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What About Her Achievements, Her Character, Her Voice?

22 August 2012 One Comment

Shae Keane (left) with Iqra Ahmad (right), president of East Tennessee State University Student Government Organization. Johnson City, TN.

Shae Keane
Nashville, Tennessee USA

“How are women to overcome the message that only their body matters and realize that their voice, their spirit, their mind matters more?”


A young toddler looks up at her mother as she watches her brothers’ soccer game. “I wish God had made me a boy,” she says. Astonished by such a statement, her mom responds, “Why is that?” She points her small finger and replies, “Because I want to do that.” Her mom answers, “Well, of course you can be a soccer player, honey.” She shakes her head and continues to point. “No, I want to do what he is doing.”

She was pointing not at the soccer players, but at the soccer coach – a position of leadership. The coach was a man.

I continue to be shocked by stories like this that are still highly prevalent in the 21st century. Where in the world are these messages coming from? Perhaps the better question is: Where are they not?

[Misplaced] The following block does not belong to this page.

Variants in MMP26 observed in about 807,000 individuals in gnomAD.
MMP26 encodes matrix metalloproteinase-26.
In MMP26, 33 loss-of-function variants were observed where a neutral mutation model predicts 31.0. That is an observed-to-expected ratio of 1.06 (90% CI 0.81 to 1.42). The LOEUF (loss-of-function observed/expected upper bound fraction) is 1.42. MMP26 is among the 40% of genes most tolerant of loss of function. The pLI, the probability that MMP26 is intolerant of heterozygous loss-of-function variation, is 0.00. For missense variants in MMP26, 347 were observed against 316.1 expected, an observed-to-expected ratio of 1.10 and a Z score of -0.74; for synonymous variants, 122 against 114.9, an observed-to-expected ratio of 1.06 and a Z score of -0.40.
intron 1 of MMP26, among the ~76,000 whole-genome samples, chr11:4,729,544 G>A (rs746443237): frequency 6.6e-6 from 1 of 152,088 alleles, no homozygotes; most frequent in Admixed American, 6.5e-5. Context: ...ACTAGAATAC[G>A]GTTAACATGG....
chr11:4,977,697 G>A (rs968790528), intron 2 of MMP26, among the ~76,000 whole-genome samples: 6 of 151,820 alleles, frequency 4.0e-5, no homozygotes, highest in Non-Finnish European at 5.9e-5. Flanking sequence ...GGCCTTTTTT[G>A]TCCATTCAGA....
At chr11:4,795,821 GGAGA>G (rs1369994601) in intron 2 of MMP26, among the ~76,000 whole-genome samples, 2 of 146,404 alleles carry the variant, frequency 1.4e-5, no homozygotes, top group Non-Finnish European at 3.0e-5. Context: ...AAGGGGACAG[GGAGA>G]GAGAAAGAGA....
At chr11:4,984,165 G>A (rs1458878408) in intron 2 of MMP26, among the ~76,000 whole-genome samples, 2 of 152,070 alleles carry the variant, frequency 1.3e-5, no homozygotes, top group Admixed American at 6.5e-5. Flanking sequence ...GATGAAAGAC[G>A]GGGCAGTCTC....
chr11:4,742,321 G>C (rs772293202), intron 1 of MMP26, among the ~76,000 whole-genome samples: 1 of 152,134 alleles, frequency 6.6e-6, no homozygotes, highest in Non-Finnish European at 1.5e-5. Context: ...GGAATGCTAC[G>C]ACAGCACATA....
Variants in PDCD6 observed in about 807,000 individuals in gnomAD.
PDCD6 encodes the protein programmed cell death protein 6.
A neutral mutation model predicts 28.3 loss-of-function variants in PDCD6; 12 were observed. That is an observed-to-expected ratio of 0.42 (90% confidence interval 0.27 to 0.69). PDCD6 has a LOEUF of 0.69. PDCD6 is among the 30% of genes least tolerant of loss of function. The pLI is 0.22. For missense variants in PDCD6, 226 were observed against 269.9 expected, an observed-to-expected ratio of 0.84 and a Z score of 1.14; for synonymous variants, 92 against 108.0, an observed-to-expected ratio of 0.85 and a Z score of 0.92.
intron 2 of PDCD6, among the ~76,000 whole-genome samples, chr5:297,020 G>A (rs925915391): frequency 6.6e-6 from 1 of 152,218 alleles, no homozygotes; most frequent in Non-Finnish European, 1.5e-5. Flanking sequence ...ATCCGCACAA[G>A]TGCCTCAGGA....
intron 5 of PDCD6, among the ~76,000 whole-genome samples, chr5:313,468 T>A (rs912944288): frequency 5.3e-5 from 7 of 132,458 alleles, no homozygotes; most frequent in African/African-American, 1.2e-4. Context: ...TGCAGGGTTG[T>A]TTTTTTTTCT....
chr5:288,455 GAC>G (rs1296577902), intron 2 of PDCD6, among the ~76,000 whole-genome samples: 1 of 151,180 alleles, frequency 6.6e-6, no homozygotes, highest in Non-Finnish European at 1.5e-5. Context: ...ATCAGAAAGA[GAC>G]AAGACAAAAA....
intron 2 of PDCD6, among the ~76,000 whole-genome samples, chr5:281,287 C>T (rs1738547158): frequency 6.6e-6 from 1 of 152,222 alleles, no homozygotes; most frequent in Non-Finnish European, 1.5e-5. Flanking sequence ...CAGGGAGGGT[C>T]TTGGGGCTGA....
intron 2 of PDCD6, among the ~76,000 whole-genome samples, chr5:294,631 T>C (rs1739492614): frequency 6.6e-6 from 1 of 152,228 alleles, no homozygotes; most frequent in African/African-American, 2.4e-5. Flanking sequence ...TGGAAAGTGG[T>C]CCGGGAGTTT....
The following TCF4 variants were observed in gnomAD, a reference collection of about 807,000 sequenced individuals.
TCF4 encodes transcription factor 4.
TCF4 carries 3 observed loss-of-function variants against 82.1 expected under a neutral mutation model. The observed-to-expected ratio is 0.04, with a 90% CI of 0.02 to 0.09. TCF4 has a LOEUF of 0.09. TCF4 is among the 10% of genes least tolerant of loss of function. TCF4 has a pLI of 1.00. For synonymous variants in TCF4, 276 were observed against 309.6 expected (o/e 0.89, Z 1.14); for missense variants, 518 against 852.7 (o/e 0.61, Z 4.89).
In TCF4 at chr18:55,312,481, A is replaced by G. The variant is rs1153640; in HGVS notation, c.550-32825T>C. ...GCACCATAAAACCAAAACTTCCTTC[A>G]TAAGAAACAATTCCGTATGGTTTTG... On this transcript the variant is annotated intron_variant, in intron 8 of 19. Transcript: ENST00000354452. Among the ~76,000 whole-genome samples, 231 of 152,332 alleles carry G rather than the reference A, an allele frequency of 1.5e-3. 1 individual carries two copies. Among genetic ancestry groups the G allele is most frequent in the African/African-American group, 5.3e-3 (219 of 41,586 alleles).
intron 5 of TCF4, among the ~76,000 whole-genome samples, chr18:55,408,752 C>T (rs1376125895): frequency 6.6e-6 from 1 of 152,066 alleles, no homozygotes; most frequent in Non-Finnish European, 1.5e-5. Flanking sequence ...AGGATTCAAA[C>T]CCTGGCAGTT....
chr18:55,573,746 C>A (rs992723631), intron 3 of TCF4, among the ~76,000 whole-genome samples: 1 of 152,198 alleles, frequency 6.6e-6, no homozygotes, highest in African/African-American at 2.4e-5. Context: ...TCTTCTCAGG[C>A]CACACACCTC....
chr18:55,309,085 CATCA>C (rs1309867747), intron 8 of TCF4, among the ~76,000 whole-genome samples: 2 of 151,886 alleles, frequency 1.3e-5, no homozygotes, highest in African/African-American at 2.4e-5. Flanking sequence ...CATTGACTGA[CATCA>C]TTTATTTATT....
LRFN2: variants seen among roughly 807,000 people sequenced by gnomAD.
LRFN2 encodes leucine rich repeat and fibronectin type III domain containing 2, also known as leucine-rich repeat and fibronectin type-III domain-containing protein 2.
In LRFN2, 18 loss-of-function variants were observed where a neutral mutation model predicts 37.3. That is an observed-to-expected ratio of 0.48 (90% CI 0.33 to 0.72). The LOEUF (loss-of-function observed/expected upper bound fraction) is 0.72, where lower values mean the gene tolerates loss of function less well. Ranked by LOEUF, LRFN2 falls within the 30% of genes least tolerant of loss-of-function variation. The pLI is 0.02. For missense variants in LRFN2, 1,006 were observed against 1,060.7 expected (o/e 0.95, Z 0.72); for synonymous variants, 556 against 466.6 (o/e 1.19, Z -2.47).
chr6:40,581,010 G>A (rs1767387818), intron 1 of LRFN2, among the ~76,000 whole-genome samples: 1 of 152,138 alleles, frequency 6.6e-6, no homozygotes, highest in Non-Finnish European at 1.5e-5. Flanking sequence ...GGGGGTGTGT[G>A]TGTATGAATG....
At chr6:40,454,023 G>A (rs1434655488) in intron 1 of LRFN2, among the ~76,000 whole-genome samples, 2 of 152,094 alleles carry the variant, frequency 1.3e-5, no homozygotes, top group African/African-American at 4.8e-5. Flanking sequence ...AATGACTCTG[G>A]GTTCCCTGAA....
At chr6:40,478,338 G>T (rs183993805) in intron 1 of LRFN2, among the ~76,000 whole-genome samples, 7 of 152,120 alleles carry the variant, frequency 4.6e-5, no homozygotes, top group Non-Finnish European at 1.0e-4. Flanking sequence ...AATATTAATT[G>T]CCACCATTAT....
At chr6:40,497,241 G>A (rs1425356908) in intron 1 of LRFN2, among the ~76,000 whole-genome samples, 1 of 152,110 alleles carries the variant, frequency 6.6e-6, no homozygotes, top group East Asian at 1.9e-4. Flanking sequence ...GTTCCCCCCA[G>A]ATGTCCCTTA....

The negative messages that are conveyed to women both culturally and socially are highly destructive, but in an insidious manner. Because these messages are usually omnipresent, in multiple communicative forms, they are oftentimes difficult to identify and even harder to address. It is not as if I can pull off the highway, pull over to the billboard I’d read that says, “Sometimes it is okay to throw rocks at girls” with diamonds surrounding it, and replace it with something that says, “Her spirit, her mind, her beautiful heart shine brighter than any diamond.” It is not as if I can take the Barbie out of little girls’ hands and re-mold her plastic standard of “beauty” to even begin to represent a real human being. It is not as if I can pick up the phone and call the radio station to tell them to bleep out the words of a song that are overtly denigrating to every female person such as the hit a few years ago that stated, “Shush, girl, shut your lips, do the Helen Keller, and talk with your hips.” Better yet, to request that they replace it with messages that honor women’s dignity and potential, like India Arie’s lyrics, “The next time the radio tells you to ‘shake your money maker,’ shake your head and tell them, tell them you’re a leader.” It is not as if I can go through every magazine while waiting in the checkout line and tear out all the advertising images of a woman’s body that suggests she is nothing more than  that – a body. Difficult though it may be, we can still always take action to create change in different, creative ways, but it is certainly not easy.